The University of Wisconsin System has reached a deal with the Republican-controlled budget-writing committee to receive funding for building projects and blocked pay raises in exchange for a hiring freeze on diversity, equity and inclusion (DEI) positions and other concessions.
The UW-System will receive $800 million to provide pay raises for over 30,000 employees and build a new engineering hall for UW-Madison, according to the Milwaukee Journal Sentinel.
The deal also comes with changes to DEI programs opposed by Democrats and some student leaders.
“Today's agreement reflects what we believe to be in the best interest of the Universities of Wisconsin and all Wisconsinites to find a path forward on the issue the speaker has raised that enables all of our universities to better serve students and the public under the current circumstances,” UW System President Jay Rothman said in a press conference Friday.
Around a third of the UW System’s 130 DEI positions would be restructured to general student-success positions and would not be subject to layoff, according to the Milwaukee Journal Sentinel. The total number of DEI positions and administrative positions would be frozen for the next three years. No new positions would be added, but existing vacancies could be filled if needed.
UW-Madison Chancellor Jennifer Mnookin said the deal “isn't getting rid of DEI” but isn’t “business as usual.”
“We've agreed to partly reimagine our work to emphasize student success, which, already of course, is an incredibly important priority,” Mnookin said.
“Our core values around diversity and inclusion are not changed,” Rothman said.
Under the deal, UW-Madison would end its “Target of Opportunity” program at the end of the 2023-24 academic year. The program, which strives to diversify faculty ranks, would be replaced with a new hiring process for faculty who demonstrate their work with underrepresented students.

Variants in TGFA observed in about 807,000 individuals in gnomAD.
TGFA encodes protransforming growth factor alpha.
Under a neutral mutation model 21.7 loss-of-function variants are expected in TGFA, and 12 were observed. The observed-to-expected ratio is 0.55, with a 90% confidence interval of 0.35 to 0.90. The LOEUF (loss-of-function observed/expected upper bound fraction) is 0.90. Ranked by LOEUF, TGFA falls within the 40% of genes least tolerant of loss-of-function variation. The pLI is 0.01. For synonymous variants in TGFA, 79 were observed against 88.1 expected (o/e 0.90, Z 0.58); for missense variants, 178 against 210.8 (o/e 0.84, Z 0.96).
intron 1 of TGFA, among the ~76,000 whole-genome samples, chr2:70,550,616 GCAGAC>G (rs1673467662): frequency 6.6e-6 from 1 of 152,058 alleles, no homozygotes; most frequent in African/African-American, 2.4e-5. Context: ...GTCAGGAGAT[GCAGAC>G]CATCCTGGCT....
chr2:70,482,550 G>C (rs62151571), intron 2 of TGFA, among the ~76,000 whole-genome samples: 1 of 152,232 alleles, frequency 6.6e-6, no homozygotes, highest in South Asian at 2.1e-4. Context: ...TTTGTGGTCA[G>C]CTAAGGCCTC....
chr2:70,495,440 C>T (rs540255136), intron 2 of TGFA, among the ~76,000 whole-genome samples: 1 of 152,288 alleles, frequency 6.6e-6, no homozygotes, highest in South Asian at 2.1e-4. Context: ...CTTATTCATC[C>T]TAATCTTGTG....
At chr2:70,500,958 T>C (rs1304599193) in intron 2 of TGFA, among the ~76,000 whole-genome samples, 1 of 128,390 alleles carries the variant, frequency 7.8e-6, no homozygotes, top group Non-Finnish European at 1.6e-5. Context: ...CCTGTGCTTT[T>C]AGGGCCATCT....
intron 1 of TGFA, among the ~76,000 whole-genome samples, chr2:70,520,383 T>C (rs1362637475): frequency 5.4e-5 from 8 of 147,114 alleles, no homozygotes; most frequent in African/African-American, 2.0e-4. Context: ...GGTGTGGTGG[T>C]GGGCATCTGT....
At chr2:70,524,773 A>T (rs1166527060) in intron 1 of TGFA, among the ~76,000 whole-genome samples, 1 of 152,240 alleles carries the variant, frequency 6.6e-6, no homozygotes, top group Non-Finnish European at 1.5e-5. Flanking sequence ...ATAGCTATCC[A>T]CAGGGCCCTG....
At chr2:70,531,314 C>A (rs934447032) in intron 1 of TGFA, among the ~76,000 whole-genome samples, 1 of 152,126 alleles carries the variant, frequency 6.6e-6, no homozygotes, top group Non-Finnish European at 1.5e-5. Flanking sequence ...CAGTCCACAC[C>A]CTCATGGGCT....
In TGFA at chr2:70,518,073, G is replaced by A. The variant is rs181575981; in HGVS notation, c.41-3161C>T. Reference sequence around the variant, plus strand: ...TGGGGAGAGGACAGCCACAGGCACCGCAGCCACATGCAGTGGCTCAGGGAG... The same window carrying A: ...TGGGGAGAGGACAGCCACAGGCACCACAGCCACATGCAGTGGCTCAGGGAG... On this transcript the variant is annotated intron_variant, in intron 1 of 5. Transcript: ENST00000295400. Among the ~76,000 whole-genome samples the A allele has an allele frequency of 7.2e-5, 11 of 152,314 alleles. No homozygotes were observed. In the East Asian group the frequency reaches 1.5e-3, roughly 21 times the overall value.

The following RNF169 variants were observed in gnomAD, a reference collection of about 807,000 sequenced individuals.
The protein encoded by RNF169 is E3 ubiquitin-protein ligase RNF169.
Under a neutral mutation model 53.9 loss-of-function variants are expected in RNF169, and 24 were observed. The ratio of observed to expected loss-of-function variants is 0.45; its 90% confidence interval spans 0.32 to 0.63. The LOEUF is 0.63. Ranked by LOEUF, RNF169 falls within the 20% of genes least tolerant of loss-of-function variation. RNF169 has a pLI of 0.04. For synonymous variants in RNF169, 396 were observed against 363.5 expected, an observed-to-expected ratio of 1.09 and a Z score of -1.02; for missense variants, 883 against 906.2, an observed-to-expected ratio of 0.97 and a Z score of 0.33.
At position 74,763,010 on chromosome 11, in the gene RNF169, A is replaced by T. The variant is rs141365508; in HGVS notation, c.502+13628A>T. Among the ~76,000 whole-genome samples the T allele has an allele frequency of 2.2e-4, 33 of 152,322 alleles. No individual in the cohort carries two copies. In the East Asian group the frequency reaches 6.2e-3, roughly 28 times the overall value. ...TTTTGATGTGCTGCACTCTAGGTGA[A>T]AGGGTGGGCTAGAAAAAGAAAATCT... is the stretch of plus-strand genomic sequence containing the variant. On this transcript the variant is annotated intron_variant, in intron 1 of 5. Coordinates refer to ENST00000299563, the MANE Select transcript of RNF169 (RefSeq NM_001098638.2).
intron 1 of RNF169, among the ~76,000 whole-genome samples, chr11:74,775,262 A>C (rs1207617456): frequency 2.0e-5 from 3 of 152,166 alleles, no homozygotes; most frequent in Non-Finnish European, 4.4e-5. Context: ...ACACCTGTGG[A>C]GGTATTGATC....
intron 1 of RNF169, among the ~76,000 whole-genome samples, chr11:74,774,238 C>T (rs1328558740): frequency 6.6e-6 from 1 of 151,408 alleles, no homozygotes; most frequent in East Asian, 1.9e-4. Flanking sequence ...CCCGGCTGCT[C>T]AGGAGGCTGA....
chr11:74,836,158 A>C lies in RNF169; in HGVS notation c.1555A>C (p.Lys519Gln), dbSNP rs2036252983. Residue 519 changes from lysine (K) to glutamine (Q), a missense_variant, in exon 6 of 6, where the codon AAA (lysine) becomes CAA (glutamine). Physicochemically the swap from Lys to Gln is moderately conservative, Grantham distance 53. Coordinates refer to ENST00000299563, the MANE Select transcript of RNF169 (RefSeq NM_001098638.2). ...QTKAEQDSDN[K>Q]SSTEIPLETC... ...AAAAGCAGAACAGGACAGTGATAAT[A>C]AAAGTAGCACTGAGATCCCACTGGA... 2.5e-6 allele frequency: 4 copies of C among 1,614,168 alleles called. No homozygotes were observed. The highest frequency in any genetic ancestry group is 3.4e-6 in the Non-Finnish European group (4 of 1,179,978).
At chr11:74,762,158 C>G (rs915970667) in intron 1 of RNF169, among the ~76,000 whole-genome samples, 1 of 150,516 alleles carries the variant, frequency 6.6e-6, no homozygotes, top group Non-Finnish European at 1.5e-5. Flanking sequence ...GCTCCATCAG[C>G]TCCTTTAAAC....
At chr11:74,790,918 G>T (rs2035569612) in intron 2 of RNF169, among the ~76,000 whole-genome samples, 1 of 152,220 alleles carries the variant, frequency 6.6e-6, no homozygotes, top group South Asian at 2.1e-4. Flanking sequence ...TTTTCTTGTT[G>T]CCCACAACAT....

The Board of Regents is scheduled to vote on the deal Saturday. The Republican-controlled Legislature and Democratic Gov. Tony Evers must approve the deal as well.
Rothman told reporters the Regents vote would have the Legislature ensure pay raises are passed no later than Dec. 31. He said the UW System has been in contact with Evers’ office throughout negotiations and hopes Evers signs eventual legislation.
“This agreement can hopefully reset our relationship with the Legislature so that we can work together to focus on what is best for the state of Wisconsin,” Rothman said.
Regent Evan Brenkus, a junior at UW Green Bay, told The Daily Cardinal on Friday he was “still on the fence” about approving the agreement but that he saw pros and cons on either side.
“I’m not a big fan of how this is playing out, but what I can say is that we’ll figure it out,” Brenkus said. “No one likes this situation.”
In a joint statement with Rep. Dave Murphy, R-Greenville, Assembly Speaker Robin Vos, R-Rochester, said he is proud Wisconsin is the “first state with divided government” to make progress on reducing DEI programs.
“Our caucus objective has always been aimed at dismantling the bureaucracy and division related to DEI and reprioritizing our universities towards an emphasis on what matters – student success and achievement," Vos said.
DEI restructuring draws criticism